Only a Radical Overhaul of the System Can Reclaim Medicines for the Public Interest
By Els Torreele
Medicines price gouging caught the public’s attention last month when Turing Pharmaceuticals raised, overnight, the price of a 60-year-old anti-infective drug from $13.50 to $750 per pill. Although the ploy garnered unique public backlash, arbitrary price setting and extreme profiteering has become the industry rule rather than the exception.
Valeant Pharmaceuticals has been hiking prices of existing drugs for years, and new medicines prices have never been higher: Gilead’s $1,000-per-pill hepatitis C drug Sovaldi and Sanofi’s $11,000-per-month colon cancer drug Zaltrap both provoked outcry from patients and doctors alike. Financial markets, however, rejoiced.
Insufficient price controls, overreaching patent laws, and other permissive legal and policy frameworks allow drug companies to price their medicines as high as they can get away with—relentlessly pushing the boundaries of both decency and what patients, public health systems, and private insurers can afford. Novartis’s cancer drug Gleevec was launched in 2001 at $30,000 per year, but now sells for more than $100,000, though it costs a mere $159 to manufacture. Similarly, Pfizer arbitrarily raised the prices of 133 older drugs this past year.
While shocking for wealthy welfare states, the lack of affordable access to medicines has long been a reality for people living in low- and middle-income countries. This was most evident in the late 1990s, when new medicines turned the fatal HIV infection into a chronic and manageable disease. Priced at $10,000 per year, these treatments were unaffordable for millions of people dying in Africa, Asia, and Latin America. Inspiringly, health activists across the world publicly twisted the arms of drug companies and policymakers in the early 2000s, bringing down prices to less than $100 per year and enabling treatment for over 15 million people today.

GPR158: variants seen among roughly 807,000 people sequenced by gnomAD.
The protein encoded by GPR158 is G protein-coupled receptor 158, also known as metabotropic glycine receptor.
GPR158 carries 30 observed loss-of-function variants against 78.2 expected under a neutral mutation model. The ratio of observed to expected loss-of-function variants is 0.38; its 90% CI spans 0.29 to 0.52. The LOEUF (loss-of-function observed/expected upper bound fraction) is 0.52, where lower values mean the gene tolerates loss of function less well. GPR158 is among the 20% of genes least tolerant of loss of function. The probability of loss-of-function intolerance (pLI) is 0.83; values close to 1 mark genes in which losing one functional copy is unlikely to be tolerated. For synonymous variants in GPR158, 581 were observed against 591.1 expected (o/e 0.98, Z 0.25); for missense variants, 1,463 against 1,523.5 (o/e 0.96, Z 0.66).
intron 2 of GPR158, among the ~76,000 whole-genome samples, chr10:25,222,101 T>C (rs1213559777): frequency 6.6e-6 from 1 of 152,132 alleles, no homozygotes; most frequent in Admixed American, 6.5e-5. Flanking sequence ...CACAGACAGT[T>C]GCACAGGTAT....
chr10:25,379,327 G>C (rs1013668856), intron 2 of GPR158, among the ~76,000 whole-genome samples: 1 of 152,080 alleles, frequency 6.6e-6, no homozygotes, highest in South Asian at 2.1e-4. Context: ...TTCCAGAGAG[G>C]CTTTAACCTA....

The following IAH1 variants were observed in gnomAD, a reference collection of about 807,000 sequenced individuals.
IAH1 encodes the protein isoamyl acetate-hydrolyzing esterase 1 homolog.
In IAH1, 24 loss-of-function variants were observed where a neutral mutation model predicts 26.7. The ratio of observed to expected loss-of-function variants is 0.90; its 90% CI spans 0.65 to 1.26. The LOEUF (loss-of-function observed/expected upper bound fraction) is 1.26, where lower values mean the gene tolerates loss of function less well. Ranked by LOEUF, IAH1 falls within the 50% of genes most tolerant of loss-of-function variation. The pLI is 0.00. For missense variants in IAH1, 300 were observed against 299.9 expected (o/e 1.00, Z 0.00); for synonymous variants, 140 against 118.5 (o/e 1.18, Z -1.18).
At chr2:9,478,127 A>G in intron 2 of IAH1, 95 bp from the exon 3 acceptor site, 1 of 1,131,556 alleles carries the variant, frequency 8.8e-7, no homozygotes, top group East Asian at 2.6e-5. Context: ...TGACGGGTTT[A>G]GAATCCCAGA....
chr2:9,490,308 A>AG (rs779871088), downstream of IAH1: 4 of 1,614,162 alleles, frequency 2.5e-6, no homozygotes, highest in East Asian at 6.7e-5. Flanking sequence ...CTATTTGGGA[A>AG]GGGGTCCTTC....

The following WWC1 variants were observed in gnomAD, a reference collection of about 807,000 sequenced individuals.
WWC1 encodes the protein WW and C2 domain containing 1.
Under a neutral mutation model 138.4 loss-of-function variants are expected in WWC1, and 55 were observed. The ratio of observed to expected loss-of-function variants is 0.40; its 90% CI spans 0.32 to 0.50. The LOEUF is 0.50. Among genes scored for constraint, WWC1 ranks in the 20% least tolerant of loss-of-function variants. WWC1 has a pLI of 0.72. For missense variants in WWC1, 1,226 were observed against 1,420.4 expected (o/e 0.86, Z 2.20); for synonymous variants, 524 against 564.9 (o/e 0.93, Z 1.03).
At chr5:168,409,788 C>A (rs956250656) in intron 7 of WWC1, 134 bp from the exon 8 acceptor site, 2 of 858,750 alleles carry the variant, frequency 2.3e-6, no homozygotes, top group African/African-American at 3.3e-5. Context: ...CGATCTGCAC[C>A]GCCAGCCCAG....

But despite this impressive “patient rights before patent rights” victory, the way the world finances and rewards medical innovation is more problematic than ever. The oft-cited but unfounded justification for high prices is the need to recoup expensive and risky R&D, and to fund future innovation. Though drug companies won’t disclose development costs, we know they rely heavily on publicly funded research. We also know that companies spend more on marketing drugs than on R&D, and more recently also on buying back their own stocks to artificially keep share prices high.
But more critically, despite growing R&D spending, the industry is largely investing in “me-too innovation,” delivering drugs that have no added therapeutic value over existing treatments—over 70 percent of all newly marketed drugs—and there are no signs that true medical innovation is increasing.
Where there is innovation, R&D priorities align with profits rather than public health needs. In 2014, 41 percent of new drugs approved by the FDA targeted rare diseases, for which high prices and generous profit margins are guaranteed. This focus on profitability sidelines medical innovation to address millions of people’s health needs, such as emerging drug-resistant infections (including the superbugs that haunt even the best equipped Western hospitals) and many common diseases like tuberculosis, Chagas disease, or dengue fever.
The recent Ebola outbreak—killing over 11,000 people for lack of a vaccine or treatment, despite Ebola being a known health threat for many years—is a stark wake-up call. Our medical innovation paradigm is ill-suited to respond to priority health needs.
While public and private sectors bear collective responsibility for the current imbroglio, a radical policy overhaul is needed to reclaim a people- and health needs–driven medical innovation system. The successful fight for access to AIDS medicines has shown just how powerful public action can be to drive change.
The Open Society Foundations are supporting diverse networks of experts and activists to advance new ideas and solutions to transform medical innovation in the public interest. As Albert Einstein famously said, “We cannot solve our problems with the same thinking we used when we created them.”
This post was first published on PLOS.org.
Until January 2017, Els Torreele was director for the access and accountability activities of the Open Society Public Health Program.